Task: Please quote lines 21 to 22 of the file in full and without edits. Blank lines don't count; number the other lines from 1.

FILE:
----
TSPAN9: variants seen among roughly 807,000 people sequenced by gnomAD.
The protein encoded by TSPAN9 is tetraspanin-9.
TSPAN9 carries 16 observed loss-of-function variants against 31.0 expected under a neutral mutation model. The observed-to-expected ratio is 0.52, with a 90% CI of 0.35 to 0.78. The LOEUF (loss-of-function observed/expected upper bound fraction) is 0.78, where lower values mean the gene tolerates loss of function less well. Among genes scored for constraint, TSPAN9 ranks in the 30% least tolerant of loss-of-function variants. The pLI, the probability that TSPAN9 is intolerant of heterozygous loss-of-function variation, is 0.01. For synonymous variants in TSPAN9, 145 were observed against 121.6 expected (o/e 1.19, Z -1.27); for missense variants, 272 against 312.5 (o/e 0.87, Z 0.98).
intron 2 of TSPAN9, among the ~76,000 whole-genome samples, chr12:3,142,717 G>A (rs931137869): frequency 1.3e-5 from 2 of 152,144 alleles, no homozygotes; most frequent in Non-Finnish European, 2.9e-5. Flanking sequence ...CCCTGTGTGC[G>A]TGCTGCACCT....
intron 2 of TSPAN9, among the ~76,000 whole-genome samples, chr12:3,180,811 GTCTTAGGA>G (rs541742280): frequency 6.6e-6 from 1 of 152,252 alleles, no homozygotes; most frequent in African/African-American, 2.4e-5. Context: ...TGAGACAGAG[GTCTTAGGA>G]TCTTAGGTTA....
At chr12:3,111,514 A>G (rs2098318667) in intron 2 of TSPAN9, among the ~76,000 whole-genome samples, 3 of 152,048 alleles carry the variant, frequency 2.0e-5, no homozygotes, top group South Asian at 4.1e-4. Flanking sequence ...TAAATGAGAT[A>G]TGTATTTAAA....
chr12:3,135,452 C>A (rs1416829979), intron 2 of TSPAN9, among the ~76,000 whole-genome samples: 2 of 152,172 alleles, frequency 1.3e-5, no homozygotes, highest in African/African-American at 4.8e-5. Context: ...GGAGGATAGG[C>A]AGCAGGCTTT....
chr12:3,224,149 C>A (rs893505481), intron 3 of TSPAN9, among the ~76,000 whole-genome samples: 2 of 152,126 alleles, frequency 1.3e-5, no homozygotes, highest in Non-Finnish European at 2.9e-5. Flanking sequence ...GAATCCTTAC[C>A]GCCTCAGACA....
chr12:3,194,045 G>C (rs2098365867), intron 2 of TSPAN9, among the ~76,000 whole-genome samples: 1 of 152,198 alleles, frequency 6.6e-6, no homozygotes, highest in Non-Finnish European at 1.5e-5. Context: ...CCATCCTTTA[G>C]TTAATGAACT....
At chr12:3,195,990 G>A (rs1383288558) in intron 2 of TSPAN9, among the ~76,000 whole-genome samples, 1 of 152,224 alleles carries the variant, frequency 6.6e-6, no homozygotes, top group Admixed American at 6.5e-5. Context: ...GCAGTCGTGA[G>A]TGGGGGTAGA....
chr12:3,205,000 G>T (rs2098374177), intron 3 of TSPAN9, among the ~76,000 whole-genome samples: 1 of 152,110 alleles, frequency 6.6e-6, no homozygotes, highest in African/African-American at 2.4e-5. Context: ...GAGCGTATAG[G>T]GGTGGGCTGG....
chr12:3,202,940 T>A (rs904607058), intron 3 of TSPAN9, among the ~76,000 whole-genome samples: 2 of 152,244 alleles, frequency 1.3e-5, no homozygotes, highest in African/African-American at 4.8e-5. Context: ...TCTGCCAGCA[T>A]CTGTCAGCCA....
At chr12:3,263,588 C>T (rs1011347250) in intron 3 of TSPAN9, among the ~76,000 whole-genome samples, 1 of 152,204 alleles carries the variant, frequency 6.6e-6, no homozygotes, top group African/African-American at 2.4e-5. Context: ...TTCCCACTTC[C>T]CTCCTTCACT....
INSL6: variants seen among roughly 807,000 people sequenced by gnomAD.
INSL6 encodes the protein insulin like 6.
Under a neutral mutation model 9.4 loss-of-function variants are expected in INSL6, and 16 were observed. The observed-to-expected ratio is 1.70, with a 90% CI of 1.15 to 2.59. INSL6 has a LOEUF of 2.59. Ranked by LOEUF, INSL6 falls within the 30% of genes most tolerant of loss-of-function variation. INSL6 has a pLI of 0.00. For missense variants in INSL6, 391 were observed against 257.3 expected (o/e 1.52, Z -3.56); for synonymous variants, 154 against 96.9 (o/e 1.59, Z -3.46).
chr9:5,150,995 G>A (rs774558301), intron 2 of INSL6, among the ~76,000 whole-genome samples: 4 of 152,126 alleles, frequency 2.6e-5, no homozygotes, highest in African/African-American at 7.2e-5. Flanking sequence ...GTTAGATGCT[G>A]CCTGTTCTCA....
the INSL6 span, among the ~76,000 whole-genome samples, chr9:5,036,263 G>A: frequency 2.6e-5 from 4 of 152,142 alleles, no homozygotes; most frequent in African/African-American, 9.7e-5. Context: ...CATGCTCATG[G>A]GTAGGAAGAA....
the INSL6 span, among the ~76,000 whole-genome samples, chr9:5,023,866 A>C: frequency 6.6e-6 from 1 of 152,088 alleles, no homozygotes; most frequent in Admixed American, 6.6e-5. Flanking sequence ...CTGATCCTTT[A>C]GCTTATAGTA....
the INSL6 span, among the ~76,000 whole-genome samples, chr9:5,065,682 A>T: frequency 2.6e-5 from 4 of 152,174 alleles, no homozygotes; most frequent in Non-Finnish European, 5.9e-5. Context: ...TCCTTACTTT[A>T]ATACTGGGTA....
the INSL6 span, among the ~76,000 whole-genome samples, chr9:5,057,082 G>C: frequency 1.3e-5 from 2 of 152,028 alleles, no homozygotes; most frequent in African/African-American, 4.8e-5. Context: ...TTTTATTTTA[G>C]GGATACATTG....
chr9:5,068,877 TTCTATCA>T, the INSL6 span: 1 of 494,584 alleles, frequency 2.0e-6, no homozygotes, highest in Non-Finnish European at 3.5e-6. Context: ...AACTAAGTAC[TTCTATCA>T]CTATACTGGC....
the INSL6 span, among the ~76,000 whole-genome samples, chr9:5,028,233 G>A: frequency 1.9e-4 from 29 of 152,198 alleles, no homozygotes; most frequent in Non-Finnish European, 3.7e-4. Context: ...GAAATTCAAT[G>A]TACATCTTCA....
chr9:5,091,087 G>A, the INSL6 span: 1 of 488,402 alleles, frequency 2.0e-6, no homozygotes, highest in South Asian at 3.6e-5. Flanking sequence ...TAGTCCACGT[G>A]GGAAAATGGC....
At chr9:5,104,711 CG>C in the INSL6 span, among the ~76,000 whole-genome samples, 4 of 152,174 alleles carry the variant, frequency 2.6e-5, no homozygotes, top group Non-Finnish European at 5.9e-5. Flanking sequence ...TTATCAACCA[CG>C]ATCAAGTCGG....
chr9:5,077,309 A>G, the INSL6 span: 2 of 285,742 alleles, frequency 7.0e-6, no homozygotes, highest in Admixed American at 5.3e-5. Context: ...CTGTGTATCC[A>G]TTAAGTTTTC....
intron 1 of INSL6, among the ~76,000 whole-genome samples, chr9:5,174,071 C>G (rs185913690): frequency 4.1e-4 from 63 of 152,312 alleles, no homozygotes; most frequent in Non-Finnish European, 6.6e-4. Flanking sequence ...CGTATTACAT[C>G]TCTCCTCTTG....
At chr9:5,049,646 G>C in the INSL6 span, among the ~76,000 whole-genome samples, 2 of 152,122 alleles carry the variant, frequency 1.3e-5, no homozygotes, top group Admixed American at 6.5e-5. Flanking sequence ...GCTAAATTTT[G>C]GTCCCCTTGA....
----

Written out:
the INSL6 span, among the ~76,000 whole-genome samples, chr9:5,057,082 G>C: frequency 1.3e-5 from 2 of 152,028 alleles, no homozygotes; most frequent in African/African-American, 4.8e-5. Context: ...TTTTATTTTA[G>C]GGATACATTG....
chr9:5,068,877 TTCTATCA>T, the INSL6 span: 1 of 494,584 alleles, frequency 2.0e-6, no homozygotes, highest in Non-Finnish European at 3.5e-6. Context: ...AACTAAGTAC[TTCTATCA>T]CTATACTGGC....